After a remarkably fraught and complicated 2015, Vladimir Putin’s Russia finds itself still sanctioned by the West for its conduct in Ukraine, dogged by falling oil prices and dicing with a deadly conflict in Syria. And it’s increasingly difficult to foresee the challenges Putin and his country will face in 2016 – or how they will handle them.
Decision-making in Moscow has become highly consolidated and hostage to the whimsy of Putin and his group think-prone advisers. And whether in the domestic realm or in the international environment, trying to decode a Russian grand strategy is a monumental challenge for anyone who tries.
The predictable argument these days revolves around working out whether Putin has a strategy, or whether he is simply an opportunist“. Then there is the often-argued trope that Putin’s foreign policy, for example in Syria, "is for his domestic audience and aimed at keeping his hold on power” by appealing to nationalism and distracting away from domestic and economic failings.
What is certain is that Russia’s greatest challenges are domestic – and that Putin will spend 2016 desperately hoping that the price of oil starts to climb. If it remains below the $40-a-barrel mark, Putin will have to tough out a year (and more) under serious financial strain. He may then be forced to distract his internal audience further with foreign actions in Syria and Ukraine, while finding the associated price tag increasingly trying.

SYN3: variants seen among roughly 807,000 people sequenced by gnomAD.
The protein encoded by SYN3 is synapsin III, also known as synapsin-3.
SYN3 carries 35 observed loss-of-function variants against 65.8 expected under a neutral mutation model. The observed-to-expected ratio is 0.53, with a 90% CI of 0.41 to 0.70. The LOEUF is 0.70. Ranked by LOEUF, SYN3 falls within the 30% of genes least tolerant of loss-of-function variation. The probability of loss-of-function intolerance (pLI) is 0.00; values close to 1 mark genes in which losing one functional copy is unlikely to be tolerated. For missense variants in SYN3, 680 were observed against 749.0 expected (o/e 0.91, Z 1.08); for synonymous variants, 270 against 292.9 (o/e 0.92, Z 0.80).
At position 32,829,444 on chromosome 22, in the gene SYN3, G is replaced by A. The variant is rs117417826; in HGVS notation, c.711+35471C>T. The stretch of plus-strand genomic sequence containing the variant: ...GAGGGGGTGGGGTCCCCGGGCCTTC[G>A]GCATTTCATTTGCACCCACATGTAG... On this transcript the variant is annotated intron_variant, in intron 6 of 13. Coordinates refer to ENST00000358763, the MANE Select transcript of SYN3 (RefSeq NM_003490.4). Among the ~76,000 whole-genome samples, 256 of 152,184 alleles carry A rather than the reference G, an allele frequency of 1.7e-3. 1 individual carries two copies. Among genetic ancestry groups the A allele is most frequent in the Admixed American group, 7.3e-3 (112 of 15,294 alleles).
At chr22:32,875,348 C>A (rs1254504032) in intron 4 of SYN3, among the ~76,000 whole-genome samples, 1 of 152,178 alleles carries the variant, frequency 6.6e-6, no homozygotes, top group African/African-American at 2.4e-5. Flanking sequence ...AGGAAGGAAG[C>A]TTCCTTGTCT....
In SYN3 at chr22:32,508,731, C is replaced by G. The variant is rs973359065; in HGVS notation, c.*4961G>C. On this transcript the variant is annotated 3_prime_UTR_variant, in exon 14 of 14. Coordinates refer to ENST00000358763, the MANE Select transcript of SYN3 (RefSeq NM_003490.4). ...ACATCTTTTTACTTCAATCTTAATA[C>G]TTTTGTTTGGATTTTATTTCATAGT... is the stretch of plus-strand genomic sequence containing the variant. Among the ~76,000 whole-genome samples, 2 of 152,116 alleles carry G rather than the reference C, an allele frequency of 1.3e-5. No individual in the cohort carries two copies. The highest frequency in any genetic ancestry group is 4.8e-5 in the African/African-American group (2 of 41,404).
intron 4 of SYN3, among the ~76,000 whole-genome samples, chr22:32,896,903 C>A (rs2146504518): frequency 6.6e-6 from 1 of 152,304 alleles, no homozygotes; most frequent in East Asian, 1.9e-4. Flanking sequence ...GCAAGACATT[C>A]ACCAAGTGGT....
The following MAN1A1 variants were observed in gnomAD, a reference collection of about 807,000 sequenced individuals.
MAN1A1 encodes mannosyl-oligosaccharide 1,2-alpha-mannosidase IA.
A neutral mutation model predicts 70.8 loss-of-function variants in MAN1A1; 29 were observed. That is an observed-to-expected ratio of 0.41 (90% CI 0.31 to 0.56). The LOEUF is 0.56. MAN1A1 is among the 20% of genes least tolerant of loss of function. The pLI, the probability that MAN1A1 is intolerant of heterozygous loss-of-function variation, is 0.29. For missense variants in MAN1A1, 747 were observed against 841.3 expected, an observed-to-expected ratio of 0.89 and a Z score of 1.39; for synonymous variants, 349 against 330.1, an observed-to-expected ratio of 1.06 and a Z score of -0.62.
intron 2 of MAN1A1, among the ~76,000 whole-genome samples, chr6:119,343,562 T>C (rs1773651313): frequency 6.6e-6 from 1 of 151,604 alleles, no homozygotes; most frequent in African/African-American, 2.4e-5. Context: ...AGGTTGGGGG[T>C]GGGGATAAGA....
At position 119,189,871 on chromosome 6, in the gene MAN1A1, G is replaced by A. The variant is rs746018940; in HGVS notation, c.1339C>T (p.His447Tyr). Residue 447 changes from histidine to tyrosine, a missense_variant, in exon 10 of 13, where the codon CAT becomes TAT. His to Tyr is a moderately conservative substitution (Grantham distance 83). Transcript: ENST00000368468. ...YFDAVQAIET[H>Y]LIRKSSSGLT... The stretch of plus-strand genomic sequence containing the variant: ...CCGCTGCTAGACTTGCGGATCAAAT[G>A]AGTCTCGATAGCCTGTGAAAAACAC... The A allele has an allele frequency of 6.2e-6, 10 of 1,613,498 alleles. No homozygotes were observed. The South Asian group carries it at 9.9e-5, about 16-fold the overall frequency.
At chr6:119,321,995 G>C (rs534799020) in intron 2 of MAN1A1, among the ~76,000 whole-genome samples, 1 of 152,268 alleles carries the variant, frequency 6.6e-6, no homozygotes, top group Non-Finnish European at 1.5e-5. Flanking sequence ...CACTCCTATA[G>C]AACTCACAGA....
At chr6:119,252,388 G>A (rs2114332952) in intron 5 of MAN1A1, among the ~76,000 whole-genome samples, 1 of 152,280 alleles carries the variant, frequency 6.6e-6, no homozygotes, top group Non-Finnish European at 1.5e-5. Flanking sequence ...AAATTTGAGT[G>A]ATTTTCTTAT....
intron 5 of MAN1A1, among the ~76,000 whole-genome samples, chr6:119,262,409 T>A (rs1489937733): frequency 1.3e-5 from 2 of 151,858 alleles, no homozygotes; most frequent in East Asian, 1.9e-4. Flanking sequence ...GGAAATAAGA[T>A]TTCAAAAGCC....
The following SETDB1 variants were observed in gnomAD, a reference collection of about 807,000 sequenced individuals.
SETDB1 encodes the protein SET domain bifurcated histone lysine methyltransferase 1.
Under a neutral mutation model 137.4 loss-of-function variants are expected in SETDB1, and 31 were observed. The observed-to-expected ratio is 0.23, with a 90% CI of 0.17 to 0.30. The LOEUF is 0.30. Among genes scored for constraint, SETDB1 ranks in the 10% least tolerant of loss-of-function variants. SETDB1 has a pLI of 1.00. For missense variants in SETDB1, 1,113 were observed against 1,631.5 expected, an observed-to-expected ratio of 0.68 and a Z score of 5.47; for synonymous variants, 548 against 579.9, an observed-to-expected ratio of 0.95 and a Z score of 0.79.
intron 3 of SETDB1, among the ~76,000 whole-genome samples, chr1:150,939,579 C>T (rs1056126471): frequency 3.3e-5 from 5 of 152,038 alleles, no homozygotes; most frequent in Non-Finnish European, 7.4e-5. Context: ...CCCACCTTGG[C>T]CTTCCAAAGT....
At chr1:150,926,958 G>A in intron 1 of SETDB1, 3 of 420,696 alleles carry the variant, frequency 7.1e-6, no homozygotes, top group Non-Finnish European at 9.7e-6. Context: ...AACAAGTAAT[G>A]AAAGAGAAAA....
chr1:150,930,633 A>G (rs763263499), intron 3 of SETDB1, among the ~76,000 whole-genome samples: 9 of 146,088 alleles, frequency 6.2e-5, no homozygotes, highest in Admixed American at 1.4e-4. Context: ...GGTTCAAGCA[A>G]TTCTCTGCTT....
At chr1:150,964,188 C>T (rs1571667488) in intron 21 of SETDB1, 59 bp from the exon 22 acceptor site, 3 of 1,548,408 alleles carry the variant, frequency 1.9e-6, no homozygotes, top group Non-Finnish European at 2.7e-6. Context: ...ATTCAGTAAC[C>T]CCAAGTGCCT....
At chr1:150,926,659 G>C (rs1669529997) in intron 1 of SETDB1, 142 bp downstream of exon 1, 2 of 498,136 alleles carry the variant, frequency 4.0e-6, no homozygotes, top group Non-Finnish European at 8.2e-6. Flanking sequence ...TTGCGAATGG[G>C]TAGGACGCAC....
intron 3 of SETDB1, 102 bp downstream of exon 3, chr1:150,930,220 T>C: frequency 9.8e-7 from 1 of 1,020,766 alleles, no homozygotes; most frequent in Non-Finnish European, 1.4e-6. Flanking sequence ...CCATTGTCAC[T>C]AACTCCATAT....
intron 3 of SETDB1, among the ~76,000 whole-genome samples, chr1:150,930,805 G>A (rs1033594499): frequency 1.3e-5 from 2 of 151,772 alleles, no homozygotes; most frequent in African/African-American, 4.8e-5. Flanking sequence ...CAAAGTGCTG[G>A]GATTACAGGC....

That Russia’s long-term prospects are not encouraging is most obvious in the domestic realm. The wise approach would be to turn to domestic nation-building. There’s plenty to be done: illiberal domestic economic policies need to be addressed, as does the erosion of institutions due to corruption, while failing central bank policies are badly in need of reform. But, as Andrey Movchan has pointed out, the 2016 budget leaves no hope for reform or for the development of viable alternatives to natural resources.
If nothing else, the Cold War made it clear that long-term power and security are to some extent dependent on what happens in the economic sphere. In other words, the US and the West did not win the Cold War so much as the Soviet Union collapsed due to an economic system that was built on sand. But while it seems that China has learned that lesson from Soviet misadventures, Russia has not internalised this lesson.
New year, new challenges
As far as the economy goes, Putin has recently suggested that “Russia has passed the peak of the crisis” but not the crisis itself. Whether that is true remains to be seen. Most worrying for Putin is that 2014 marked the year that household incomes declined for the first time. To be clear, it is domestic economic policies coupled with declining oil prices that have been the major cause of this and not, for example, the Western economic sanctions placed on Russia after it annexed Crimea.
This, more than anything, will test the so-called “unspoken social contract” between the president and his citizens – that is, ever-increasing living standards in exchange for forgoing some democratic freedoms, turning a blind eye to corruption in exchange for an otherwise rigorous application of the rule of law.
There is no question that Putin retains very high domestic approval ratings, but there are increasing signs of anger towards the government’s approach to domestic economic issues. These issues range from large-scale youth emigration, more general demographic concerns such as high mortality and low fertility, to drastic public health anxieties.